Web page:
initialization value=Γ where the constant C IV. A List Output Viterbi Algorithm Using the SOVA (List-SOVA) This section describes a list output algorithm which advantageously adds to the SOVA a list generating unit of relatively low complexity which uses the reliability values L to generate a list of size L. The SOVA alone generates, sequentially and continuously, soft output symbols L 1. The GVA illustratively operates on terminated data sequences of length N, but those skilled in the art will recognize that data sequences other than terminated data sequences may be used. Thus, each list element of the GVA output has the length N. 2. As a consequence of item 1, the list generating unit has to produce L output sequences each of length N. In a continuous data transmission scheme, the length could also be N-v, because the N bits in blockwise data transmission include the v tail bits that contain no information and are used to terminate the data sequence in state s 3. The SOVA is applied to a continuous data transmission scheme and therefore requires (de)interleaver units. This implies the addition of deinterleaver 81 between SOVA 80 and list generating unit 82 as shown in FIG. 13. The degree of the deinterleaver is arbitrary, but it should be large enough to spread error bursts over several blocks of length N. The corresponding interleaver is added before the convolutional encoder. To find a List-SOVA that operates on terminated data sequences of length N (blockwise data transmission), a first technique is developed called the "2 Step 1: The following parameters are defined: the minimum amplitudes α the elements of the binary bit flipping array z Step 2: The input sequence y to list generating unit 82 in FIG. 13 is of length N, where each element consists of the reliability value (amplitude) L Step 3: The "binary bit flipping" scheme (2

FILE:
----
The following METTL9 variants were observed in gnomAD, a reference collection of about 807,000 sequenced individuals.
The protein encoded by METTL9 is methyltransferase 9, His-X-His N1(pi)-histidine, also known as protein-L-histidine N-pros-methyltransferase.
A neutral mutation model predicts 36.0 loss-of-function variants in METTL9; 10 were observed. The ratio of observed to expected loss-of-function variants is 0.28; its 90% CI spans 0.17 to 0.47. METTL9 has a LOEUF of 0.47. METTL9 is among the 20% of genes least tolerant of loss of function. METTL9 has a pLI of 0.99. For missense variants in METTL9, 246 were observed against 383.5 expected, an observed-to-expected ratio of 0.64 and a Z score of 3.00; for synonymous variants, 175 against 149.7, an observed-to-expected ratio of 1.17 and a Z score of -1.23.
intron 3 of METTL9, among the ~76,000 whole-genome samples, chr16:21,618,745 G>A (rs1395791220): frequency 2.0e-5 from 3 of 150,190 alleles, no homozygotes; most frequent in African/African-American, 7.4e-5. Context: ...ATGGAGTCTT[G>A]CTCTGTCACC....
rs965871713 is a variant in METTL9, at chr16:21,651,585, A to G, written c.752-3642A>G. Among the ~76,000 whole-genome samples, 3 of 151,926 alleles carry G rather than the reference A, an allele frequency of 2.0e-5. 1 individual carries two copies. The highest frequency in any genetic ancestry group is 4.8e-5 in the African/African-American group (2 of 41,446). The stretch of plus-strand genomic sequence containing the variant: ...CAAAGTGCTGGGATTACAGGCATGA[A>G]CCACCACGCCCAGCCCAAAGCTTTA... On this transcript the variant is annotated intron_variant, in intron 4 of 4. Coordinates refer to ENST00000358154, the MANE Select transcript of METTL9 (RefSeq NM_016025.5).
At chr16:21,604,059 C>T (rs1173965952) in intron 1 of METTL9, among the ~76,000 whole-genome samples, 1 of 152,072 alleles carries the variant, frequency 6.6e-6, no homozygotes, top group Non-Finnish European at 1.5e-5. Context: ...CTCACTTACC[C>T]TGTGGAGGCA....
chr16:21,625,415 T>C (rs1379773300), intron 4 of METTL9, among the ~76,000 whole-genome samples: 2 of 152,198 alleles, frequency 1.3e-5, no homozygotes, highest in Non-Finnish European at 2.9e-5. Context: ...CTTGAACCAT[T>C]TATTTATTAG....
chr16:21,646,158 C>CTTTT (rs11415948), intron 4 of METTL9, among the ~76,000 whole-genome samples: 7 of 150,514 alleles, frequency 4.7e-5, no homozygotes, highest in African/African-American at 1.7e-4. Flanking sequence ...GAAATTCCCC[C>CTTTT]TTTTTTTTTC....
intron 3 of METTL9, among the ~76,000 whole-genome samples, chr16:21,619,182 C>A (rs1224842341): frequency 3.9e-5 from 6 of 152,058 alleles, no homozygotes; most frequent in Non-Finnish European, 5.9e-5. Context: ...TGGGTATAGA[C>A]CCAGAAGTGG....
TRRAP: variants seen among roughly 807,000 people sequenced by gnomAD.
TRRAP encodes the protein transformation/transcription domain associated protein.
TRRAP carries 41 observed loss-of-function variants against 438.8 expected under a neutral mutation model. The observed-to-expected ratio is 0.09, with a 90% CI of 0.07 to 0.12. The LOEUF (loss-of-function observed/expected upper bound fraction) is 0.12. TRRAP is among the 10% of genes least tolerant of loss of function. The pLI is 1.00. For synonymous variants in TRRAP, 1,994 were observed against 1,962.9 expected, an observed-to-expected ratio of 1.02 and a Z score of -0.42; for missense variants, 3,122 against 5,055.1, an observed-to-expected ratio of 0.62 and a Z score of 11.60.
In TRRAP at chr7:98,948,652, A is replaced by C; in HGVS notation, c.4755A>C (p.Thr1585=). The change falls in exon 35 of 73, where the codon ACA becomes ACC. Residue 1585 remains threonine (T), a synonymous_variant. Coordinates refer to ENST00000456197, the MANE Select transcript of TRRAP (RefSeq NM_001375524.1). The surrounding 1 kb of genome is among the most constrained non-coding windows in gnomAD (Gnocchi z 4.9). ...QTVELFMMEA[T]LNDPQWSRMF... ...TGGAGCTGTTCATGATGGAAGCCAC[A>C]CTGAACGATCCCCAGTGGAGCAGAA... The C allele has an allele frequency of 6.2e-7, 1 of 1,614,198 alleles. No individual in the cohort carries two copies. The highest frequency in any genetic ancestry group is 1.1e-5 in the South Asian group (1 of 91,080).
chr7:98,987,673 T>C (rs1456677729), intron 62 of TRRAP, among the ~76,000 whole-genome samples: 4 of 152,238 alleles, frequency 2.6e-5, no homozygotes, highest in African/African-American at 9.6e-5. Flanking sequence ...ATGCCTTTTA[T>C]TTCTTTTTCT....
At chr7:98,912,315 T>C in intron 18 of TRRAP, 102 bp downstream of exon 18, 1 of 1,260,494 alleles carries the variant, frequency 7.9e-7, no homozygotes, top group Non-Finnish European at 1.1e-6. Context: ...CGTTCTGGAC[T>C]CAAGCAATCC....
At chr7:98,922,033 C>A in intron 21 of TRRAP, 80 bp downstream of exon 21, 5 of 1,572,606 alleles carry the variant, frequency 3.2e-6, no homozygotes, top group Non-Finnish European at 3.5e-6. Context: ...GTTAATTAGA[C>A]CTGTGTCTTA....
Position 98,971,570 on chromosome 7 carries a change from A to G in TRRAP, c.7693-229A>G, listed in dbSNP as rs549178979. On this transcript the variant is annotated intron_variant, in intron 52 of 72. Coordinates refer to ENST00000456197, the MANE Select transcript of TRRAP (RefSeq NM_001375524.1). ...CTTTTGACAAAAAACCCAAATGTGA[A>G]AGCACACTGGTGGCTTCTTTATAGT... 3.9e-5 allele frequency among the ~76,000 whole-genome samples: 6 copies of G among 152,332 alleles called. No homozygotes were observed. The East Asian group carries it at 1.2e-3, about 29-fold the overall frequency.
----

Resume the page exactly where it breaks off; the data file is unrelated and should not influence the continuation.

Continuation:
TABLE 1______________________________________The 2 Step 4: Note that the "2 The SOVA output after deinterleaving consists mainly, in case of error events, of single or double errors in a block of length N. These errors have, especially for higher signal-to-noise ratios (SNRs), lower amplitudes than the other information bits in that block. A second illustrative technique for constructing a low complexity list generating unit, called a "1 State GVA", that uses this knowledge to generate a list of size L is now defined: Step 1: According to steps 1 and 2 of the "2 Step 2: These minimum amplitudes α The technique is thus conveniently used to generate a list of length L out of the deinterleaved SOVA output. This method has a low complexity because only for the L minimum amplitudes only need be found for the L best paths. The lists are with the notation L that characterizes the number of list elements that are considered. The SOVA and the interleaver effectively "remove the code." The "1 State-GVA" is a list output GVA on uncoded data. The methods and algorithms have been described without reference to specific hardware or software. Instead, the individual steps have been described in such a manner that those skilled in the art can readily adapt such hardware and software as may be available or preferable for particular applications. While the above description has used decoding of convolutional codes as an example of the potential applications of the SGVA, List-SOVA, and Soft-GVA as described in the present invention, it should be emphasized that the techniques have application beyond convolutional codes to those applications which use a trellis structure to describe the states of processing at each of the relevant times during decoding. Likewise, binary codes described above should not be viewed as limiting the range of application of the presently disclosed inventive teachings. Those skilled in the art will find application of the present invention in a variety of contexts. Patent Citations